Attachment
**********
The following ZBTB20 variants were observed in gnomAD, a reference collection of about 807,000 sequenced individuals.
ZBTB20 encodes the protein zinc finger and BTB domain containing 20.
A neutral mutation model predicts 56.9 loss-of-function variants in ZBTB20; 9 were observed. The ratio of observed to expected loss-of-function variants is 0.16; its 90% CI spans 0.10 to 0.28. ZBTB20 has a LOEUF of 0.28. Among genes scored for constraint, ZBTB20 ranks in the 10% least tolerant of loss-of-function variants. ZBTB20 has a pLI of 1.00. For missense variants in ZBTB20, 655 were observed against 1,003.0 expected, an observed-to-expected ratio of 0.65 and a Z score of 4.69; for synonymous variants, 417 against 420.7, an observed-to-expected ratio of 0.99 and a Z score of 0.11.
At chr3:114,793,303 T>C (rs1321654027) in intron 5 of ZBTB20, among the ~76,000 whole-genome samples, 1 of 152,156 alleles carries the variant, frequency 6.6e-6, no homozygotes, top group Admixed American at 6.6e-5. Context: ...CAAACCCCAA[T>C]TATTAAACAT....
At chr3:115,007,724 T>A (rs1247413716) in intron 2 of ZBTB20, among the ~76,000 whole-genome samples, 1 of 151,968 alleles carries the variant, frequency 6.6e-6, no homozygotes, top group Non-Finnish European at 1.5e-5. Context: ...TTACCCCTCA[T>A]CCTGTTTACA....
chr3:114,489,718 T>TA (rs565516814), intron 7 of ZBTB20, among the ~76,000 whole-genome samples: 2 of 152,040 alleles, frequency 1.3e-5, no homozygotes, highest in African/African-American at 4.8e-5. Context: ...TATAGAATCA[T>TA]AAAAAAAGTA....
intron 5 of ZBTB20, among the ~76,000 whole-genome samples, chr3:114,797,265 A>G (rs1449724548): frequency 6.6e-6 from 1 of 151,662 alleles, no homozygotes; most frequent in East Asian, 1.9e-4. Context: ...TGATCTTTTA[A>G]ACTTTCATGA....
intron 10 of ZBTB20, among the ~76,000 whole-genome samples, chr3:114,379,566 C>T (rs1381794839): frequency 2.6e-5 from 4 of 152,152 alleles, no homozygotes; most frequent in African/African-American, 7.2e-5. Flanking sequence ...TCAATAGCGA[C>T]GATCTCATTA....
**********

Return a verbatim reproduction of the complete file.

The following ZBTB20 variants were observed in gnomAD, a reference collection of about 807,000 sequenced individuals.
ZBTB20 encodes the protein zinc finger and BTB domain containing 20.
A neutral mutation model predicts 56.9 loss-of-function variants in ZBTB20; 9 were observed. The ratio of observed to expected loss-of-function variants is 0.16; its 90% CI spans 0.10 to 0.28. ZBTB20 has a LOEUF of 0.28. Among genes scored for constraint, ZBTB20 ranks in the 10% least tolerant of loss-of-function variants. ZBTB20 has a pLI of 1.00. For missense variants in ZBTB20, 655 were observed against 1,003.0 expected, an observed-to-expected ratio of 0.65 and a Z score of 4.69; for synonymous variants, 417 against 420.7, an observed-to-expected ratio of 0.99 and a Z score of 0.11.
At chr3:114,793,303 T>C (rs1321654027) in intron 5 of ZBTB20, among the ~76,000 whole-genome samples, 1 of 152,156 alleles carries the variant, frequency 6.6e-6, no homozygotes, top group Admixed American at 6.6e-5. Context: ...CAAACCCCAA[T>C]TATTAAACAT....
At chr3:115,007,724 T>A (rs1247413716) in intron 2 of ZBTB20, among the ~76,000 whole-genome samples, 1 of 151,968 alleles carries the variant, frequency 6.6e-6, no homozygotes, top group Non-Finnish European at 1.5e-5. Context: ...TTACCCCTCA[T>A]CCTGTTTACA....
chr3:114,489,718 T>TA (rs565516814), intron 7 of ZBTB20, among the ~76,000 whole-genome samples: 2 of 152,040 alleles, frequency 1.3e-5, no homozygotes, highest in African/African-American at 4.8e-5. Context: ...TATAGAATCA[T>TA]AAAAAAAGTA....
intron 5 of ZBTB20, among the ~76,000 whole-genome samples, chr3:114,797,265 A>G (rs1449724548): frequency 6.6e-6 from 1 of 151,662 alleles, no homozygotes; most frequent in East Asian, 1.9e-4. Context: ...TGATCTTTTA[A>G]ACTTTCATGA....
intron 10 of ZBTB20, among the ~76,000 whole-genome samples, chr3:114,379,566 C>T (rs1381794839): frequency 2.6e-5 from 4 of 152,152 alleles, no homozygotes; most frequent in African/African-American, 7.2e-5. Flanking sequence ...TCAATAGCGA[C>T]GATCTCATTA....